August 28, 2009 – In part one of this series we took a look at a couple of the key figures whose campaign of lies and propaganda helped stoke anti-marijuana sentimenthumboldt_jail_prisoner among the American public. There were many more. Lawmakers who eventually voted to outlaw marijuana had little factual evidence to assist them in making their decision. The case that was layed out before them had almost no basis in fact. In part two we will look at the cost of marijuana prohibition, not just in dollars, but in destroyed lives.

According to the U.S. Department of Justice, as of 2008 there were 2,310,984 prisoners were held in federal and state prisons, or in local jails. 20 percent of those were incarcerated for drug offenses. The latest DOJ statistics show that one in eight prisoners in the U.S. are jailed for marijuana-related offenses, at a cost of more than $1 billion a year.

The most recent FBI figures estimated that 786,545 people were arrested on marijuana charges in 2005. That number doubled in just over a decade. The vast majority, 696,074, were charged only for possession. The remaining 90,471 were charged with the sale or manufacture of marijuana. That includes people who were growing pot only for personal use.

Let me be clear, I am not attempting to portray marijuana as a totally harmless drug. But it is abundantly clear that it has less of a detrimental effect on its users than alcohol, or even tobacco.

Time magazine in a report last month said a study by the British medical journal, Lancet, showed that one in every 25 deaths worldwide can be attributed to alcohol. Alcohol-related causes of death included accidents, violence, poisoning, mouth and throat cancer, colorectal cancer, breast cancer, suicide, stroke and several others. There are more than two million deaths reported annually as a result of alcohol.

The only single substance on Earth that causes more deaths than alcohol is tobacco. Worldwide more than 5 million deaths are attributed to tobacco use every year. 443,000 of those are in the U.S. alone, at a cost of $193 billion.

In comparison marijuana has never been listed as the official cause of even a single death. Not one. Ever. It is impossible to overdose on marijuana. Marijuana has not be proven to cause phyisical addiction, although it is true that some people do become psychologically addicted to the drug. Like alcohol, marijuana can be used responsibly and in moderation, or it can be abused and become the focus of some users’ lives. The vast majority of users however say they have no problem using the drug and then putting it down for long periods of time, or quitting altogether.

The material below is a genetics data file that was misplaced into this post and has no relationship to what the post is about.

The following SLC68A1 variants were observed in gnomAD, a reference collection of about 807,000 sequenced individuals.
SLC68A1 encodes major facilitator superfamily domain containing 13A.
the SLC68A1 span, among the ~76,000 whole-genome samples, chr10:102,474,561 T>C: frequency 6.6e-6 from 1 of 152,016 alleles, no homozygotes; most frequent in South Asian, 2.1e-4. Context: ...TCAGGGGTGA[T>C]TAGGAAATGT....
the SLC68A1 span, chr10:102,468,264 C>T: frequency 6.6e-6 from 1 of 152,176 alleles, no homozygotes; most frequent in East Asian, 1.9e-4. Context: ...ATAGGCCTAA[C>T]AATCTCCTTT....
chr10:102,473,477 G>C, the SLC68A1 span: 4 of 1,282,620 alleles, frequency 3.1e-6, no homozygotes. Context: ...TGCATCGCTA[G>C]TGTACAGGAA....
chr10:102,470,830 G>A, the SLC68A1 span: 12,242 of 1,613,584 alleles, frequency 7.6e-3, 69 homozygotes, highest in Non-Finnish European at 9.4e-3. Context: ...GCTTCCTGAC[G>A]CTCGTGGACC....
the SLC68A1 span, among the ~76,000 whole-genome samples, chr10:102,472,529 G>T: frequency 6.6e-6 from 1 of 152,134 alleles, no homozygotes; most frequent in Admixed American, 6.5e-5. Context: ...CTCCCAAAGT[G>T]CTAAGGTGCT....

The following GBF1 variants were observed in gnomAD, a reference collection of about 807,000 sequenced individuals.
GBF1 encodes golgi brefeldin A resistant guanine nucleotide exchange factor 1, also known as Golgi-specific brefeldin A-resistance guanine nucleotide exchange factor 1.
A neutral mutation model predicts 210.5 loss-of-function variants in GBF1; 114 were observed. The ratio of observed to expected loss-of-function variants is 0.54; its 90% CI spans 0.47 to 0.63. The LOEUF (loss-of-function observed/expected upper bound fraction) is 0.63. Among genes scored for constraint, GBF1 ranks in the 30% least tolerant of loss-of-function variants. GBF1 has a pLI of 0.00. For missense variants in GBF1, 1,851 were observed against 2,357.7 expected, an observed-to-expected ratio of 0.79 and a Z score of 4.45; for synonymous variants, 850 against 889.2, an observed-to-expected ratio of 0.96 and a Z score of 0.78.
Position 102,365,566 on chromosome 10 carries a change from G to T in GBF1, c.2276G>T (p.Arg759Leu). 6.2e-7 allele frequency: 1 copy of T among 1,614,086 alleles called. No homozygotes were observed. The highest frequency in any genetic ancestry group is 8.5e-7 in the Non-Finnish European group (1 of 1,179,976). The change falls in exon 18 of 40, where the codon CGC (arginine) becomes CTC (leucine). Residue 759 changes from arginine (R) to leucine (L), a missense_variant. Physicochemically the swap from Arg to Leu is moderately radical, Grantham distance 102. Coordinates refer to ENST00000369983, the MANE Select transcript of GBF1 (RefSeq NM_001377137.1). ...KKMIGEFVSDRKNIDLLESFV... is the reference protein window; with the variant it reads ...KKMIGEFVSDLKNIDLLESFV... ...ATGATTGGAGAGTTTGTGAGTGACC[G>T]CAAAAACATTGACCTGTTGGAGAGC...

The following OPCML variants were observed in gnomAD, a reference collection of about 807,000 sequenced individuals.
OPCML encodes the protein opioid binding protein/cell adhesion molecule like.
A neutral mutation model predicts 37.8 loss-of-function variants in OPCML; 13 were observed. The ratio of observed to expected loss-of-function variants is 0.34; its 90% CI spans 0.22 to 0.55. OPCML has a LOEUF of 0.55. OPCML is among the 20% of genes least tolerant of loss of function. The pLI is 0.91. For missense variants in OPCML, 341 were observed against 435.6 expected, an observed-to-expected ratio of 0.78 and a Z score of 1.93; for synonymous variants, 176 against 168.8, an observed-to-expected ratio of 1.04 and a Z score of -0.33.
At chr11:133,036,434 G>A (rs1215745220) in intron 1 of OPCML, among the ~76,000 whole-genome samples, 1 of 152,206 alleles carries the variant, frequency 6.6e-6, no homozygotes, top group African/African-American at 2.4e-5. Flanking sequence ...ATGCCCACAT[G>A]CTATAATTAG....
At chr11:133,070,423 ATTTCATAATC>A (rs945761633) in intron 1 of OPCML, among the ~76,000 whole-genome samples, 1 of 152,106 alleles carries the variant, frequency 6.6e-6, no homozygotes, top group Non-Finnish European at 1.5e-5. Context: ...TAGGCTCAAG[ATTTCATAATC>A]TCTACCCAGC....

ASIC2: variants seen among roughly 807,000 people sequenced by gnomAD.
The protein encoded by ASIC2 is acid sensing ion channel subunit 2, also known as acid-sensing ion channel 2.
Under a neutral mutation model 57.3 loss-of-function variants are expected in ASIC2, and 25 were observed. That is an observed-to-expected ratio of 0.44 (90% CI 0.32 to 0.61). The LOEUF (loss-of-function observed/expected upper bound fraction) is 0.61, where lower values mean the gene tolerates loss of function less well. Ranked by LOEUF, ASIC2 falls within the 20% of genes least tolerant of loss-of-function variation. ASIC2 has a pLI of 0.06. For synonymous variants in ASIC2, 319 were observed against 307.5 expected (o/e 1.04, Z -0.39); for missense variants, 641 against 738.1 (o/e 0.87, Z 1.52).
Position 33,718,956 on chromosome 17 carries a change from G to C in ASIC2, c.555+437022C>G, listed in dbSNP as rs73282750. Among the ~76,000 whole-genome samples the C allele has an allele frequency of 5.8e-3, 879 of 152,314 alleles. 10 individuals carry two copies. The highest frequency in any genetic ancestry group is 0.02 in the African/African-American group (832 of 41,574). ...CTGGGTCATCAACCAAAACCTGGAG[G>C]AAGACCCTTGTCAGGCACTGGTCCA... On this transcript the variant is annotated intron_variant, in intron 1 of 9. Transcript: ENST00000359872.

More than 40 percent of all Americans say they have used marijuana at some point in their lives. 18 million people say they have used pot within the last year. Despite claims that marijuana is the primary “gateway drug” and leads to the use of harder and more dangerous drugs, most drug users report their first experience was with alcohol or tobacco. 60 percent of marijuana users say they have never tried any other drug.

The point is yes, some people do use marijuana irresponsibly. Yes, some do go on to use other drugs. But there is clear evidence that alcohol and tobacco are far more dangerous than marijuana. Most marijuana users lead very normal and productive lives. Far more so than alcolhol users. So why continue the charade that marijuana is such a threat to public health and safety? A marijuana possession conviction on an individual’s record can do far more harm to them than the drug itself. A person sent to prison for simply smoking marijuana will face consequences in their future that can utterly destroy their lives.

What about cost of enforcing marijuana laws? Government figures reveal that we spend more than $10 billion a year. Yet there is no less marijuana available now than there ever has been. In fact in most areas of the country it is readily available at most times. A recent study by The National Center on Addiction and Substance Abuse reports that 40 percent of American teenagers say they can get marijuana within an day. 25 percent say they can find it within one hour.

Statistics from police departments around the country show that on average police find marijuana in only around one in every fifteen vehicles they search. This is valuable time and money being wasted that could be spent enforcing far more serious crimes.

Marijuana is the fourth largest cash crop in America. By some estimates marijuana grown in the U.S. has a street value of around $50 billion. What if the drug were laegalized, regulated, and taxed? Instead of spending billions yearly fighting an unwinnable battle we could be reaping huge tax revenues. Those funds could be partially used for drug education and rehabilitation programs.

Keeping the drug illegal solves absolutely nothing. Those who wish to smoke it will smoke it whether it is legal or not. Some people will drive under the influence of marijuana no matter what its legal status. Teens will still have access to it. There isn’t a single element of marijuana use that be shown to be kept in check by continuing its prohibition. In fact legalization and strict regulation could cut down on many of the problems that may be caused by marijuana.

The bottom line is that the cost, both monetarily and in the damage done to people’s lives who are arrested for simply smoking marijuana, is far to high to continue to justify. It is far past time for our nation’s marijuana lwas to begin to be based on facts, not deceit and misinformation. Source.

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